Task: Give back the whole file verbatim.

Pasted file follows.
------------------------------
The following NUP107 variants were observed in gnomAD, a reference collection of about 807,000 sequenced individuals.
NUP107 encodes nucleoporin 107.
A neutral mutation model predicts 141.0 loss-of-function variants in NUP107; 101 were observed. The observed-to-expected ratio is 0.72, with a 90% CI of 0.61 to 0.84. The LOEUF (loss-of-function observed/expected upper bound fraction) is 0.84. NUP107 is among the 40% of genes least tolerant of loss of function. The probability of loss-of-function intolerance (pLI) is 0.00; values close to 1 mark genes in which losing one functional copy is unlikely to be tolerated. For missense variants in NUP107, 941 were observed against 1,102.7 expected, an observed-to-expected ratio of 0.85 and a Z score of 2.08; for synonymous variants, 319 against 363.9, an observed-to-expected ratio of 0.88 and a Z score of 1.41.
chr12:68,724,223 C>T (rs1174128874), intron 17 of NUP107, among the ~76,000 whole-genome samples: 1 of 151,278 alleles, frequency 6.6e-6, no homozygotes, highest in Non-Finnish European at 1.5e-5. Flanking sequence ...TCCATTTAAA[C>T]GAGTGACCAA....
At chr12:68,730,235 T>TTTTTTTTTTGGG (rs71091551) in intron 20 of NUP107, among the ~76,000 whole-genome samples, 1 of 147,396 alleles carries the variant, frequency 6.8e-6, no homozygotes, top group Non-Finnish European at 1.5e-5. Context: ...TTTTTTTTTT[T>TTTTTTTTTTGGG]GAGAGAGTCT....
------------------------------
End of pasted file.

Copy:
The following NUP107 variants were observed in gnomAD, a reference collection of about 807,000 sequenced individuals.
NUP107 encodes nucleoporin 107.
A neutral mutation model predicts 141.0 loss-of-function variants in NUP107; 101 were observed. The observed-to-expected ratio is 0.72, with a 90% CI of 0.61 to 0.84. The LOEUF (loss-of-function observed/expected upper bound fraction) is 0.84. NUP107 is among the 40% of genes least tolerant of loss of function. The probability of loss-of-function intolerance (pLI) is 0.00; values close to 1 mark genes in which losing one functional copy is unlikely to be tolerated. For missense variants in NUP107, 941 were observed against 1,102.7 expected, an observed-to-expected ratio of 0.85 and a Z score of 2.08; for synonymous variants, 319 against 363.9, an observed-to-expected ratio of 0.88 and a Z score of 1.41.
chr12:68,724,223 C>T (rs1174128874), intron 17 of NUP107, among the ~76,000 whole-genome samples: 1 of 151,278 alleles, frequency 6.6e-6, no homozygotes, highest in Non-Finnish European at 1.5e-5. Flanking sequence ...TCCATTTAAA[C>T]GAGTGACCAA....
At chr12:68,730,235 T>TTTTTTTTTTGGG (rs71091551) in intron 20 of NUP107, among the ~76,000 whole-genome samples, 1 of 147,396 alleles carries the variant, frequency 6.8e-6, no homozygotes, top group Non-Finnish European at 1.5e-5. Context: ...TTTTTTTTTT[T>TTTTTTTTTTGGG]GAGAGAGTCT....